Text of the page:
When the current issue of Ship&Offshore went to print, the meeting of the seven most powerful country leaders in Bavaria was coming to an end. Important decisions had to be made; international stability and security and not least the continuation of humankind on earth are at stake.
The coming weeks will show to what extent the agreements reached in Elmau will actually achieve a noticeable improvement in the current crisis situation – especially for the people severely affected by the war in Ukraine.
The G7 group and selected invited countries also agreed on joint efforts for climate protection. The aim is to “accelerate a clean and equitable transition to climate neutrality while ensuring energy security,” according to a joint statement published by the German Government.
At the same time, the EU Council of Ministers is voting on the planned ban on combustion engines from 2035 onwards – for new cars. This debate is heated; some countries want to postpone the phase-out to 2040, others – such as Germany – may abstain.
The decision is also critically expected from other industries: internal combustion engines are used in many sectors. Experts are certain that a general move away from them could have farreaching consequences.
Climate-neutral initiatives such as synthetic fuel development can support the continued use of internal combustion engine technology alongside the expansion of electromobility, emphasises the German Engineering Association, VDMA. Instead, by moving away from it, Europe is putting its technology leadership and hundreds of thousands of jobs at risk. It is also making itself further dependent on countries such as Russia or China, which supply the raw materials for the electronic powertrain.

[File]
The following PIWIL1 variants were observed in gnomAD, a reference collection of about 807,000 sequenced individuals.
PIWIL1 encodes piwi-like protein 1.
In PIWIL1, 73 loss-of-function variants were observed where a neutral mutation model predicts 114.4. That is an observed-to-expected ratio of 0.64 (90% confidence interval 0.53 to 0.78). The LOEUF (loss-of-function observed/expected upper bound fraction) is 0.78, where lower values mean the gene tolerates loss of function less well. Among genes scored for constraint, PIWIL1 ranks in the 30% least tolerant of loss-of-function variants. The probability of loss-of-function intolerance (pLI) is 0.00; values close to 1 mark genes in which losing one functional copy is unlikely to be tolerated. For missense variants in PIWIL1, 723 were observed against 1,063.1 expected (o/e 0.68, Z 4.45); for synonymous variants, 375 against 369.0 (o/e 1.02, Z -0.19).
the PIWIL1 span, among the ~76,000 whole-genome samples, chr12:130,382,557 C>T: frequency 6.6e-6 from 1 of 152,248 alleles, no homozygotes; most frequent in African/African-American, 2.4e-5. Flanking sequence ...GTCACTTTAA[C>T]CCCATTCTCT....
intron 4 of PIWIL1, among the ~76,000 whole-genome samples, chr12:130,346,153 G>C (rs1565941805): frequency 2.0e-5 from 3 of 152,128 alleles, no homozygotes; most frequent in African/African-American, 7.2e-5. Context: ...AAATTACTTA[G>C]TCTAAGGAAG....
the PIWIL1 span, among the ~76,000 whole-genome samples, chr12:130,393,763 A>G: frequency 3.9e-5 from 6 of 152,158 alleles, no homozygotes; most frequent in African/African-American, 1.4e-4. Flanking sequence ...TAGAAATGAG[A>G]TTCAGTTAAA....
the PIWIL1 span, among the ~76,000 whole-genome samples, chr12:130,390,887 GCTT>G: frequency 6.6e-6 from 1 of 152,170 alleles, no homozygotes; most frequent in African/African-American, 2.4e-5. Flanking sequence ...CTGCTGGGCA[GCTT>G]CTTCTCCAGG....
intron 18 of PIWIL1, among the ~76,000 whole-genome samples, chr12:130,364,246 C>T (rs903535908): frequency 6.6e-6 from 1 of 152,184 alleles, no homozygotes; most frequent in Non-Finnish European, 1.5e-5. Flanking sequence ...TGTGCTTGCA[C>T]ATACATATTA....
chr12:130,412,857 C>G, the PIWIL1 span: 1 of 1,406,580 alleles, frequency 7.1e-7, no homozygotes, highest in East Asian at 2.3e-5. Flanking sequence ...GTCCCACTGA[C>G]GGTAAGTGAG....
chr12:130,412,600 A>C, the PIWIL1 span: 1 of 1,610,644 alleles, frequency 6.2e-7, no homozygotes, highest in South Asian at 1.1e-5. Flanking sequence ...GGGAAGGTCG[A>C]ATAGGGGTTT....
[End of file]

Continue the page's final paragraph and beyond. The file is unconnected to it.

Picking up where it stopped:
Whether and to what extent this debate will also be conducted in the shipping industry remains to be seen. What all industries have in common, though, is the pursuit of climate-neutral operation – whether of a car, an agricultural machine, or a ship.
In this regard, it is not the combustion itself that should be put to the test; it is – as mentioned – the fuels used and their production.
On the other hand, it is important to consider here that some experts question whether there would even be enough green fuel available for a maritime energy transition in the coming years. Notably, energy-intensive industry sectors on land are likely to rank before global sea transport when it comes to the low- or zero-carbon fuels of tomorrow.
In view of the costs and limitations of conventional emissionfree fuels, some even argue that the economic viability of nuclear energy for powering vessels is once again coming into sharper focus. This, by the way, is a discussion that is also taking place in Germany for a general autonomous energy supply.
However, in comparison with nuclear power plants that are at the end of their lifetime as their disconnection was decided more than a decade ago, it will take a long time to develop a specific regulatory framework for the shipping industry. Also, high capex and of course safety aspects would have to be taken into consideration.
At the recent Posidonia show in Athens, Christos Chryssakis, business development manager at classification society DNV, estimated that as the industry would have to work on multiple aspects in this regard, the technology may not be commercially viable before 2035.
When asked what the right way forward would be in order to achieve climate-neutral operation while staying competitive, he called the coming ten years “a decade of exploration”.
And while this is definitely a useful approach, the exploration of meaningful alternatives and possibilities must not, of course, be at the expense of other important goals.